There was no room for it to come out to George Bush, to the men behind the pictures of war, to the people who were not willing to look at the pictures, and anyway, the thing was bigger than war, the war could end tomorrow and he would walk into the schoolyard with the same effort to remember children and to remember that their laughter was as real as anything else, as any sorrow he could ever know or read about. That was the thing about the frown he kept inside him: If it came out, it was going to find reasons to stay out. And the same way, when it stayed inside, it found reasons to stay there.
Among the best reasons were the children he saw each afternoon who were looking at him to understand about smiling and frowning themselves. He could be reading upstairs on the computer, something that his father or his sister had sent – his father who had already seen so much of it before and his sister who had made it a life's cause – and as hard as it was to read, and as true as it felt that what he had to carry to the world after reading it was a frown, still he had to find a way to put it inside him, not to smile instead of it, but just to have room for smiling, because given the circumstances – children and leaves and himself among them – the chances of smiling were pretty good.
See that place with the overhanging trees and the clean-smelling air and the children running toward it, he thought. It's the same world as Iraq. It's the same world as the place far away from Iraq where they are making decisions about it, where they might be making decisions about your country next. It's the same world. That's all you need to know. It's the same world and anything that happens here is connected to the rest of it in ways that you don't even have to understand, just believe in. Remember the children around you, as sick and as sad as you might feel. They're the only ones you can do anything about just now.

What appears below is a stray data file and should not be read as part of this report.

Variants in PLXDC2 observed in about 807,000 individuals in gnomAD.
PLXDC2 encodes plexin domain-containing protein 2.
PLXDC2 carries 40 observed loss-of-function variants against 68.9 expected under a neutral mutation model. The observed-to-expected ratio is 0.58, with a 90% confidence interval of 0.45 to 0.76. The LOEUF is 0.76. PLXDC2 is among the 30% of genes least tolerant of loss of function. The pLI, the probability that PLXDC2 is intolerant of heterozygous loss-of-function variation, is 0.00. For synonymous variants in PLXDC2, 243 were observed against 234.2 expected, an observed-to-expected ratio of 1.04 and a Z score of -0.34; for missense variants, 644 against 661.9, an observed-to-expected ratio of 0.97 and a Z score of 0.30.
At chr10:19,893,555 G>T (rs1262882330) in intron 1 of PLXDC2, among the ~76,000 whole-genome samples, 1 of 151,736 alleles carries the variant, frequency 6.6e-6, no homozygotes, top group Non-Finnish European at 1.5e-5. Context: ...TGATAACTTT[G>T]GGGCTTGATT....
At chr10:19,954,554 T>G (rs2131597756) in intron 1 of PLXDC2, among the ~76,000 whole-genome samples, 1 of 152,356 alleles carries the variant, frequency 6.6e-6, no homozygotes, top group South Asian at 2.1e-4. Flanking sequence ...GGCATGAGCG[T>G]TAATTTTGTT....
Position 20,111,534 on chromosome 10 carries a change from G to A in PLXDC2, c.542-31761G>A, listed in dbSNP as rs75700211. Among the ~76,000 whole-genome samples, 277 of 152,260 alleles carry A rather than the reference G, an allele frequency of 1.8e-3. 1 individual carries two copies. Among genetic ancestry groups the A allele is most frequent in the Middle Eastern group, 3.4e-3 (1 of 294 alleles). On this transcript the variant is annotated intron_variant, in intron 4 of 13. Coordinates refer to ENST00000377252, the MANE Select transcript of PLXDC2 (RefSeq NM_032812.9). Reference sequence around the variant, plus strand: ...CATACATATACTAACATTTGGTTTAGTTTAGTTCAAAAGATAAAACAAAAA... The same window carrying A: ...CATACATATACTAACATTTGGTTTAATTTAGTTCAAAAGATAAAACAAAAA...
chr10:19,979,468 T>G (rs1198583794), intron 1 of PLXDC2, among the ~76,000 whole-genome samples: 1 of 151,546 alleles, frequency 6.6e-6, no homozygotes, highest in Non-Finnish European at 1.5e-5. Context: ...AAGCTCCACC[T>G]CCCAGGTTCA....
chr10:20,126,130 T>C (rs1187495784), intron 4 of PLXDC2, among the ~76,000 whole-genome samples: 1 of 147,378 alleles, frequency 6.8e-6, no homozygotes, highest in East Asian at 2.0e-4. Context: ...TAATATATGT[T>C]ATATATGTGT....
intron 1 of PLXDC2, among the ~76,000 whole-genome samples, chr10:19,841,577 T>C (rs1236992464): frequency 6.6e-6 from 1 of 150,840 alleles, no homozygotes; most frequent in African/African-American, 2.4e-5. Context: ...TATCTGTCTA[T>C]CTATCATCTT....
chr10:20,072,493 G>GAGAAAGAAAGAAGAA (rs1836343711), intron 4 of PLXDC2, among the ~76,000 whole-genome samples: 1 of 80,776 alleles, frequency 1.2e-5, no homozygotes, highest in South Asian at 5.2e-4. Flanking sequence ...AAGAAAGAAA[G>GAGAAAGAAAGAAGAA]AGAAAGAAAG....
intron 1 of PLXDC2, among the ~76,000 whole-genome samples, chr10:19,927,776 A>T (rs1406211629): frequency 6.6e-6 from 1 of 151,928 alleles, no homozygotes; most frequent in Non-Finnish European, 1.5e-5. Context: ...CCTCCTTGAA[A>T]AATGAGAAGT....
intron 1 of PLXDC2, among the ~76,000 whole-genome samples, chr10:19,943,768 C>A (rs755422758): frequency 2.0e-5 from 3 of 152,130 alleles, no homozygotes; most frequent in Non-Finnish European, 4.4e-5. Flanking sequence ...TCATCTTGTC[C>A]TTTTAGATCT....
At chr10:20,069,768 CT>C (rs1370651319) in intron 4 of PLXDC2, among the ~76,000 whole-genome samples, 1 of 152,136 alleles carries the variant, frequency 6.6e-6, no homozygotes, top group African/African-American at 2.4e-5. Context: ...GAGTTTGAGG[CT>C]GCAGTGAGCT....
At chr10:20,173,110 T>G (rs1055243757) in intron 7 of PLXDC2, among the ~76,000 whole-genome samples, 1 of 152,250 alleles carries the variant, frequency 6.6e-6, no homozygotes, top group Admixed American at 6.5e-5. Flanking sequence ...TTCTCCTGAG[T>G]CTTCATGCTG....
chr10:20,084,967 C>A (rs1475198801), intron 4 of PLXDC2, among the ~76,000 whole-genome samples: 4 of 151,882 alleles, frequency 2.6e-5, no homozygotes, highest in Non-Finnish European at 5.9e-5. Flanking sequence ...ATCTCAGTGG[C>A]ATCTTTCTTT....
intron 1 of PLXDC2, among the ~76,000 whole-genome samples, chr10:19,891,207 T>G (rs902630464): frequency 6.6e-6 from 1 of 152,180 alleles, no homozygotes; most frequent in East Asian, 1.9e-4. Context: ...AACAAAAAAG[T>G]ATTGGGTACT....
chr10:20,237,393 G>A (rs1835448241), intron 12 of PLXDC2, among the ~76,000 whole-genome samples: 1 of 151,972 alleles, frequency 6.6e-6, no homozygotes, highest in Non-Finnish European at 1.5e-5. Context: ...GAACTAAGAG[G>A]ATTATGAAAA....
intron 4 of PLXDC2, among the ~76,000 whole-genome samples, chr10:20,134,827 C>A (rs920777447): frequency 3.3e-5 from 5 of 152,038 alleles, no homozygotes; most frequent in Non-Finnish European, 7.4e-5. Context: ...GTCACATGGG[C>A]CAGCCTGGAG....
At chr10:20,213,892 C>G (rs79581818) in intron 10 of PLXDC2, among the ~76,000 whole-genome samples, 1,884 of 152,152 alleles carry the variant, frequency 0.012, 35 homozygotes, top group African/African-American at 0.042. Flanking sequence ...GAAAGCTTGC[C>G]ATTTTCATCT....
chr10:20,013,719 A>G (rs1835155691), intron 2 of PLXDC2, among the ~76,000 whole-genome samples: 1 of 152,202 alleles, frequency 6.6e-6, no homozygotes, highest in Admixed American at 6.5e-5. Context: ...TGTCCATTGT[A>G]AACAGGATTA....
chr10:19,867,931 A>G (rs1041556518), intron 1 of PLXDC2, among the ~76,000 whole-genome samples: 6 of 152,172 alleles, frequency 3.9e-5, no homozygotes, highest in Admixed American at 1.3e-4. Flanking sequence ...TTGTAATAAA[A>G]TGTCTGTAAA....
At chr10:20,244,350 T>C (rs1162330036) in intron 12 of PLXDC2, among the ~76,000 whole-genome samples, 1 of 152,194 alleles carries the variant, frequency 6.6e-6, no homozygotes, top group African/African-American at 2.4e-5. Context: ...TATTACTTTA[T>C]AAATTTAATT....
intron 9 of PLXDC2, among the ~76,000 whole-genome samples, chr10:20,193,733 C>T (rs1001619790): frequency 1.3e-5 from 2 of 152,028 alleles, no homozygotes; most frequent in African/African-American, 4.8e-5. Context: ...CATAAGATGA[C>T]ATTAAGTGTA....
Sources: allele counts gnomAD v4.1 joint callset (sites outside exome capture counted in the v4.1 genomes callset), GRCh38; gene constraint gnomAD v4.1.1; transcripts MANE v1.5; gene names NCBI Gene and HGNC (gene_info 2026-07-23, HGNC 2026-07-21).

It's a funny thing to have a place to come to each day that's as far away from the feeling of reading that stuff as this place is, but stay humble about it because the truth is it's very near too. All of a sudden it can hit you in a way that's so near that all you'll need to see is a face, and you'll see the same thing that you saw of man when you were reading upstairs. You'll see the same furiousness of feeling, the same demanding, rather than seeing the thing behind it. If you carry a war with you, you'll see it even here. Don't think of the place as an escape, because escaping is a kind of carrying.
It is a schoolyard. It is one of the places where it is helpful to have someone who is watching over the kids, and at this particular place, the person happens to be you. Do your best at it. Do your best at it because that is what the sickness and sadness is asking of you. It's the same sickness and sadness that would be asking you to do your best whether you had just read the article or not. It is a schoolyard in America, and if you are looking for balance between country and country, between people and people, between life and death, remember there's something solid in children and in their smiles, and it is more solid than just their not knowing how the world can be. Let it help you to have the balance, but let it help as a fact, not as a feeling. Let them be what they are to themselves, not what they are to you.
He was glad that it was the same world as Iraq. Upstairs as he was reading, he had known that there was something else besides force and resistance, and if he did not have a schoolyard to go to, he would have to find the evidence of it somewhere, because he was a writer, and it was in that third place where a writer made his home. He could venture all over the world, but that was his home.
He could think of when he was a boy and his father would take him along when he went to see Mr. Tamraz, his father's mentor in the cause. Mr. Tamraz had the greatest and most fearsome frown he had ever seen, but all his father did around him was smile.